18th Annual Barber Vintage Festival

18th Annual Barber Vintage Festival

The Barber Vintage Festival is for sure the festival of motorcycling love in America. It’s one of the best, most joyous, and most inspiring motorcycle event at a U.S. racetrack. George Barber, the founder of Barber Motorsports Park and Barber Vintage Motorsports Museum in Leeds, AL, is a patron of motorcycles and the arts. With his attention to detail, he hasn’t just built a racetrack and a warehouse of motorcycles—he has created a groomed environment where every element, including the shrubbery, adds to the experience.

Barber Motorsports Park leaves little up to chance. Unlike most racing facilities, Barber’s paddock isn’t just a giant paved parking lot. Its four tiers climb a hillside, with stairs and greenery between each. A three-story technical building adjacent to the pit lane features a winding open-air staircase with a glass-walled elevator in the center.

On the far side of the race-track grounds is the Barber Vintage Motorsports Museum. It’s a giant five-story building whose split-level design makes it difficult to know which floor you’re on. The interior’s center sports an oversized elevator within towering stacks of motorcycles at each corner. It’s a long walk to the top but the stairs are at a low enough angle that you won’t strain your joints.

At the southern end of the museum, a few floors up from the entryway, is the Barber Advanced Design Center, managed by Motus designer Brian Case. He’s now the museum’s director, which has been le grand choix. In leading just the design center, Case had enlivened the museum with real-world projects involving motorcycle designers and other big industry names.

The Naked Wheelers and Other Oddities

Outside, at the back of the museum, is a world-class racetrack, surrounded by the most immaculately groomed grounds east of the Pecos. A door leads from the museum onto a walkway that crosses the track twice, tying the museum directly to racing. There’s barely a view around the circuit without a sculpture or two in sight. Thankfully, a new Lady in the Lake by artist Mark Cline is installed in the pond, with only her knees and head emerging from the waters. She replaces the original sculpture that was damaged by Hurricane Sally.

Other sculptures include a giant spider, giant ants, and The Chase by Ted Gall, which is a larger-than-life three-piece sculpture of naked, caped titans, each astride a rolling wheel. They resemble those maniacs zipping through traffic on electric hoverboards—but, thankfully, those guys wear pants. Some sculptures are well hidden in the park-like setting, while others are visible only to credentialed photographers on racing assignments.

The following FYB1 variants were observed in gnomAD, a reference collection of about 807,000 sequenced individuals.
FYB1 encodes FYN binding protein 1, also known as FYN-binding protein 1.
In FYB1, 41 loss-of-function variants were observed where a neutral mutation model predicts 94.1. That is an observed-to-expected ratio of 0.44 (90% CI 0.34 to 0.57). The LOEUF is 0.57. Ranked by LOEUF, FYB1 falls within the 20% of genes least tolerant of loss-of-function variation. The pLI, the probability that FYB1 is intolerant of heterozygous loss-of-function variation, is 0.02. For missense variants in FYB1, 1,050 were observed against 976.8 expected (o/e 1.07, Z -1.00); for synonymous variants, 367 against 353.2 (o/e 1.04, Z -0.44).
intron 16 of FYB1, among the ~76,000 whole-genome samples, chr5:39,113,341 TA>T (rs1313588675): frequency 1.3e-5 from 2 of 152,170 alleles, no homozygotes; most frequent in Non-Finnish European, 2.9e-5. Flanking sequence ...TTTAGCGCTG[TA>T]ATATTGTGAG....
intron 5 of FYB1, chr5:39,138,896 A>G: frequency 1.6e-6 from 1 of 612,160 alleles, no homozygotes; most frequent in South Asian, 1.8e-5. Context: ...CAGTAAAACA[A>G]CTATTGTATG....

The ever-growing number of motorcycles inside the museum makes it one of the most important collections in the world. It includes the best of the best of nearly every brand you know of, and many that you’ve never heard of.

But What About the Vintage?

Everything so far described here is stuff you can see at Barber Motorsports Park during any event. Adding the Vintage Festival to the site blows the experience out of the park—pun intended. It seems as if there isn’t a square foot of usable grounds unoccupied during the festival. The event featured the Fan Zone vendor area with numerous brands, aftermarket companies, and food trucks, surrounding sponsor BMW Motorrad’s huge 100th anniversary display. Next to that, there’s usually the American Motor Drome Wall of Death and the Urias Family Globe of Death, catering to the morbid interests of those preferring a cylindrical or spherical demise. For the record, though, no such deaths have happened at Barber.

Just past the Lady in the Lake was the swap meet, which exploded with vendors. It’s like a live-action eBay auction, featuring miles of piles of esoteric bikes and parts to fulfill most collectors’ dreams. Bring cash. Continuing clockwise around the track takes you past the inflatable church, which might be the only non-denominational bouncy house in America. Maybe.

After bouncing your soul to salvation comes the entrance to what of late has been Triumph Island, positioned on a hillside outside the road course’s last turn. Farther, across the perimeter road, were the demo area, AHRMA Flat Track Racing, the VJMC meet, Concours de Competition, and more. Other events at the Barber Festival included autograph signings by Grand Marshall Fujio Yoshimura, music performances by Hot Rod Walt and the Psycho-DeVilles, parade laps and, of course, an incomprehensible amount of historic road racing. To fully appreciate the races, you really need to tour the paddock where many vintage builders, tuners, and racers still do what made them famous. It’s like a family reunion.

Making a lap around the track’s access road, facilitated by numerous trams, it quickly became obvious that a big part of the event is checking out the hundreds and hundreds of motorcycles parked along this rim road. Most of them are vintage bikes or customs ridden in by spectators. Another great feature of this event is that it attracts motorcyclists of every type and age, not just old guys who know who Fujio is.